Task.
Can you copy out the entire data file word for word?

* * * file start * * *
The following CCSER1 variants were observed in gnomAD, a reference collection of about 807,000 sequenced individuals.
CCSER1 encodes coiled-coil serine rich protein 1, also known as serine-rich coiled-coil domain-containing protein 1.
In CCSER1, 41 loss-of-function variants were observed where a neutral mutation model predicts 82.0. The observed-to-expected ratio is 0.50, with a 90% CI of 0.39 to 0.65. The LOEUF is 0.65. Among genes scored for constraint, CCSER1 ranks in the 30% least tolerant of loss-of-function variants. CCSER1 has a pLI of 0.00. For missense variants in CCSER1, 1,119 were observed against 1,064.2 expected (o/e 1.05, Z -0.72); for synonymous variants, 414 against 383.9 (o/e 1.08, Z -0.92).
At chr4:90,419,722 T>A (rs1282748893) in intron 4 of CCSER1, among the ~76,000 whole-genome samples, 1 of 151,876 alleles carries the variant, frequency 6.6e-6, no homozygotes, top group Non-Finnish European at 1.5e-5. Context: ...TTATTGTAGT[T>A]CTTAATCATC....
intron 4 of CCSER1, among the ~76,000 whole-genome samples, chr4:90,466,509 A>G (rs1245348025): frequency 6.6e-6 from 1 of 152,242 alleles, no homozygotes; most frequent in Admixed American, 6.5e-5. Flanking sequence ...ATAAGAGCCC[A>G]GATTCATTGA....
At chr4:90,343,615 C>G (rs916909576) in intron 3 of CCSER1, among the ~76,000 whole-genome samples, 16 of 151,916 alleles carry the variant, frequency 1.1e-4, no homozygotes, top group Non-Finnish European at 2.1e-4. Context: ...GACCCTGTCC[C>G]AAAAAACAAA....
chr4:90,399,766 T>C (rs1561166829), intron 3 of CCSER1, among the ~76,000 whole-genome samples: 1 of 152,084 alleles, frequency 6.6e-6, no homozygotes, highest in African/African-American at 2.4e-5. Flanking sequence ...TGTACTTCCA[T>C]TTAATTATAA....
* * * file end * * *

The following CCSER1 variants were observed in gnomAD, a reference collection of about 807,000 sequenced individuals.
CCSER1 encodes coiled-coil serine rich protein 1, also known as serine-rich coiled-coil domain-containing protein 1.
In CCSER1, 41 loss-of-function variants were observed where a neutral mutation model predicts 82.0. The observed-to-expected ratio is 0.50, with a 90% CI of 0.39 to 0.65. The LOEUF is 0.65. Among genes scored for constraint, CCSER1 ranks in the 30% least tolerant of loss-of-function variants. CCSER1 has a pLI of 0.00. For missense variants in CCSER1, 1,119 were observed against 1,064.2 expected (o/e 1.05, Z -0.72); for synonymous variants, 414 against 383.9 (o/e 1.08, Z -0.92).
At chr4:90,419,722 T>A (rs1282748893) in intron 4 of CCSER1, among the ~76,000 whole-genome samples, 1 of 151,876 alleles carries the variant, frequency 6.6e-6, no homozygotes, top group Non-Finnish European at 1.5e-5. Context: ...TTATTGTAGT[T>A]CTTAATCATC....
intron 4 of CCSER1, among the ~76,000 whole-genome samples, chr4:90,466,509 A>G (rs1245348025): frequency 6.6e-6 from 1 of 152,242 alleles, no homozygotes; most frequent in Admixed American, 6.5e-5. Flanking sequence ...ATAAGAGCCC[A>G]GATTCATTGA....
At chr4:90,343,615 C>G (rs916909576) in intron 3 of CCSER1, among the ~76,000 whole-genome samples, 16 of 151,916 alleles carry the variant, frequency 1.1e-4, no homozygotes, top group Non-Finnish European at 2.1e-4. Context: ...GACCCTGTCC[C>G]AAAAAACAAA....
chr4:90,399,766 T>C (rs1561166829), intron 3 of CCSER1, among the ~76,000 whole-genome samples: 1 of 152,084 alleles, frequency 6.6e-6, no homozygotes, highest in African/African-American at 2.4e-5. Flanking sequence ...TGTACTTCCA[T>C]TTAATTATAA....